This explorative study was conducted by Viola N Nyakato of Mbarara University of Science and Technology, Uganda, Charles Rwabukwali of Makerere University, Uganda and Susan Kools of School of Nursing, University of Virginia, USA.
The authors posited that most traditional land tenure practices among developing economies are opposed to protecting and promoting women’s land ownership rights. In Uganda, land tenure practices are largely customary and patriarchal in nature, in most communities women’s land tenure security is dependent on marriage.
In this paper, the authors built a body of evidence on how gender biased land tenure negatively affects maternal healthcare decision-making for family planning, antenatal care services and skilled care during childbirth.
A cross-sectional mixed methodology was used to collect household survey data. Qualitative data from individual and focus group interviews were analysed using thematic content analysis. Land was found to be an important household factor that shapes women’s maternal healthcare decision-making, not only through land ownership, but also through land’s role as a source of identity, gendered land use decision-making patterns, and the allocation of resources that accrue from work on land. Most of the land-owning households are headed by men. More women than men expressed insecurity of tenure, despite the household’s land ownership status. Land use decision-making, including its sale was significantly associated with maternal healthcare decision-making. Feeling secure on land was significantly associated with maternal healthcare decisions for planned pregnancy and use of antenatal care.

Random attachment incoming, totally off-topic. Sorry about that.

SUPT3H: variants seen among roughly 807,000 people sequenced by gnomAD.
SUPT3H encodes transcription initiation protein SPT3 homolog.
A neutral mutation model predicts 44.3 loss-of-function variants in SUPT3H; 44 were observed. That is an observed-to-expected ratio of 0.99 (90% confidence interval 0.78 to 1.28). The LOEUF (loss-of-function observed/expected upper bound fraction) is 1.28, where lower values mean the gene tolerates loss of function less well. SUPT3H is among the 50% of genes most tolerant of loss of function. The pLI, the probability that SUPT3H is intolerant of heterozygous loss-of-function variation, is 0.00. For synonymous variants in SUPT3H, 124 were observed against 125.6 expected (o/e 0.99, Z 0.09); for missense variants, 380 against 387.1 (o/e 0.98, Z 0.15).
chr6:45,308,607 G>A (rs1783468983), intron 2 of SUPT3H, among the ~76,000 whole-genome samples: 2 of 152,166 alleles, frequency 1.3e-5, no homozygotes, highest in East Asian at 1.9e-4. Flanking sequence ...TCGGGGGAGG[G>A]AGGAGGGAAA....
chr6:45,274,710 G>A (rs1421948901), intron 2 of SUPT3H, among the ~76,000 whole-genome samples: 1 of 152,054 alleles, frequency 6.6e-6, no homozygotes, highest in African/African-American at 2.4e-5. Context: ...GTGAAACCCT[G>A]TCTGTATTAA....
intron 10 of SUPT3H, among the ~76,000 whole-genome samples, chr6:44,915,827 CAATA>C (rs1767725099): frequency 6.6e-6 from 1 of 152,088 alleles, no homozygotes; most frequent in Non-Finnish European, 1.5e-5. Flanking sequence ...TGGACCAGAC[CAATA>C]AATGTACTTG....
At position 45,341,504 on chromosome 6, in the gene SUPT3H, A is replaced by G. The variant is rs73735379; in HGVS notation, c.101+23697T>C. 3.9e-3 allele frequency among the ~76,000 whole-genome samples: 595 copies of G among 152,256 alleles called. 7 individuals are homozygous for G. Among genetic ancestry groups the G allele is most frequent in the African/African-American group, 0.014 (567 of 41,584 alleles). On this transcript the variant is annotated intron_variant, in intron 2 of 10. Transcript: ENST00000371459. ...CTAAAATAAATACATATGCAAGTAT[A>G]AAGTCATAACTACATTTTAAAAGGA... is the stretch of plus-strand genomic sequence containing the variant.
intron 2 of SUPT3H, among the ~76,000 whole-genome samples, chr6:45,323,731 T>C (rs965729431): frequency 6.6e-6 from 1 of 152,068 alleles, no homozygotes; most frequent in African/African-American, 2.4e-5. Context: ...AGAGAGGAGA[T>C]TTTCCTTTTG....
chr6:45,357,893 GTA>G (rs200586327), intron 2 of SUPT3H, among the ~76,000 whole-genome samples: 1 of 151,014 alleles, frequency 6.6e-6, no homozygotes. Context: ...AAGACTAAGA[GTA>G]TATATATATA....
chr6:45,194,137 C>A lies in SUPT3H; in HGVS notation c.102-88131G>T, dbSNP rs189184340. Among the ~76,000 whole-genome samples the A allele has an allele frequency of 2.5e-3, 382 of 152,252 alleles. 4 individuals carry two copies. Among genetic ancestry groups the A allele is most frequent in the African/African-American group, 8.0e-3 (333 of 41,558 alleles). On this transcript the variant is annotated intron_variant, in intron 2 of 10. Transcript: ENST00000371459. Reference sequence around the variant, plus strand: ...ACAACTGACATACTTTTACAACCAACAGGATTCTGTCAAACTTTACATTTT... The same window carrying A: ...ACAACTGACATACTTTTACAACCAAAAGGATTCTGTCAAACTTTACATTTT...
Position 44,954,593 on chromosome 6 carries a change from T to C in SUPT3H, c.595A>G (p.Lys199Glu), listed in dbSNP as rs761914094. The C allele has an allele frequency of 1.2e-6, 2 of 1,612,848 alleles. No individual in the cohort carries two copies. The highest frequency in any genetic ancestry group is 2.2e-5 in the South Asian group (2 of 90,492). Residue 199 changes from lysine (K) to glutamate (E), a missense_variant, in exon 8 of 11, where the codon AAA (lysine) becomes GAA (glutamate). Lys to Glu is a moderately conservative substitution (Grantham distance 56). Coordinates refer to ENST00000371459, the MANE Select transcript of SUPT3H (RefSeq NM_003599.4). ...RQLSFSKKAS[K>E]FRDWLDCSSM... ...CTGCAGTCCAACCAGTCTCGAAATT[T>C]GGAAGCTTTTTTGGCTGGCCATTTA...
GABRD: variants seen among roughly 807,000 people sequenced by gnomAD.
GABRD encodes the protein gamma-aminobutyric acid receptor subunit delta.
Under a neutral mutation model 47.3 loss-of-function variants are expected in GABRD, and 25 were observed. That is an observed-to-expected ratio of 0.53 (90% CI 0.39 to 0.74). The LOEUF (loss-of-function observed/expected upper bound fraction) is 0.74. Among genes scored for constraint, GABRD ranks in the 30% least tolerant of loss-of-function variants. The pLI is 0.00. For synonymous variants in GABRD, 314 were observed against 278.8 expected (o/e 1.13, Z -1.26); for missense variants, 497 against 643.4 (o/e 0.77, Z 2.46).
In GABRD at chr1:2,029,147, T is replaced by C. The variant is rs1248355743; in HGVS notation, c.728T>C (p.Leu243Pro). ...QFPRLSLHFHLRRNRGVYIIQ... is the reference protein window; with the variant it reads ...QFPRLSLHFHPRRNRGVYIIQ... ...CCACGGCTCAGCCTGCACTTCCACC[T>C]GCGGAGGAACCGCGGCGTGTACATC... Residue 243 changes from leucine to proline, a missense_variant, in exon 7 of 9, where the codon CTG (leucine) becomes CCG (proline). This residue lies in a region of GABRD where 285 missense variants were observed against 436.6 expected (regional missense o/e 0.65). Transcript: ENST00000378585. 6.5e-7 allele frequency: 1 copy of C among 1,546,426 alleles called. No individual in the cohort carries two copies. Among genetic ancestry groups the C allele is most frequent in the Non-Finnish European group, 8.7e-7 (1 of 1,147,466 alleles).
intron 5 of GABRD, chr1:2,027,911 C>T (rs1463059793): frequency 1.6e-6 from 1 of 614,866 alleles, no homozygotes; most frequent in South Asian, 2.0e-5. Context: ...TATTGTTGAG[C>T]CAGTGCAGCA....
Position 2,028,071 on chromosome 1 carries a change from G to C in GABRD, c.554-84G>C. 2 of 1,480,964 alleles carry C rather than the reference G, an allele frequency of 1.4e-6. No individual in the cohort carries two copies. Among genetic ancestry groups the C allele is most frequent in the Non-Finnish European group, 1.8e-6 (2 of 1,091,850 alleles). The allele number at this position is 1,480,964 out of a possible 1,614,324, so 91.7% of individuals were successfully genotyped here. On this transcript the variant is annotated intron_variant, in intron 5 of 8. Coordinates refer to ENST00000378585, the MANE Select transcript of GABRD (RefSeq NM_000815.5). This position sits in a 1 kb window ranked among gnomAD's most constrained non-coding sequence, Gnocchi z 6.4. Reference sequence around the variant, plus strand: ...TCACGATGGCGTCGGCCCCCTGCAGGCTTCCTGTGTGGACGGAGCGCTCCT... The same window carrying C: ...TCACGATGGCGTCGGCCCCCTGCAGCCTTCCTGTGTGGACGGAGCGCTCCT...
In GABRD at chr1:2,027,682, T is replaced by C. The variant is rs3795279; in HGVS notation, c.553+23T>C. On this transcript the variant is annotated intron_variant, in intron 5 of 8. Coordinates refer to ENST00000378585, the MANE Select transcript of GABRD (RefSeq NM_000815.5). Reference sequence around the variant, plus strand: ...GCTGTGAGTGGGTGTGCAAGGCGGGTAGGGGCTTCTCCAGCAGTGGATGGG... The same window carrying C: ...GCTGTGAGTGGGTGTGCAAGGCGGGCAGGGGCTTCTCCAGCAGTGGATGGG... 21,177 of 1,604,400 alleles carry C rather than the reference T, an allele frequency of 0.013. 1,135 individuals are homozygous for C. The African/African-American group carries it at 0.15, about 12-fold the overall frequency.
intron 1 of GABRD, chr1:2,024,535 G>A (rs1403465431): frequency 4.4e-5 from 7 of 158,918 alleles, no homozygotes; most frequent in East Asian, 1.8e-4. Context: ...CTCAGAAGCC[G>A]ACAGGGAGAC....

The study found that land purchasing was found to significantly determine place and skill level of providers for childbirth.
The authors therefore concluded that; women involvement in land purchasing decisions demonstrates more control and agency in the number of children. Women’s land insecurity undermines their prospects for positive maternal health behaviours.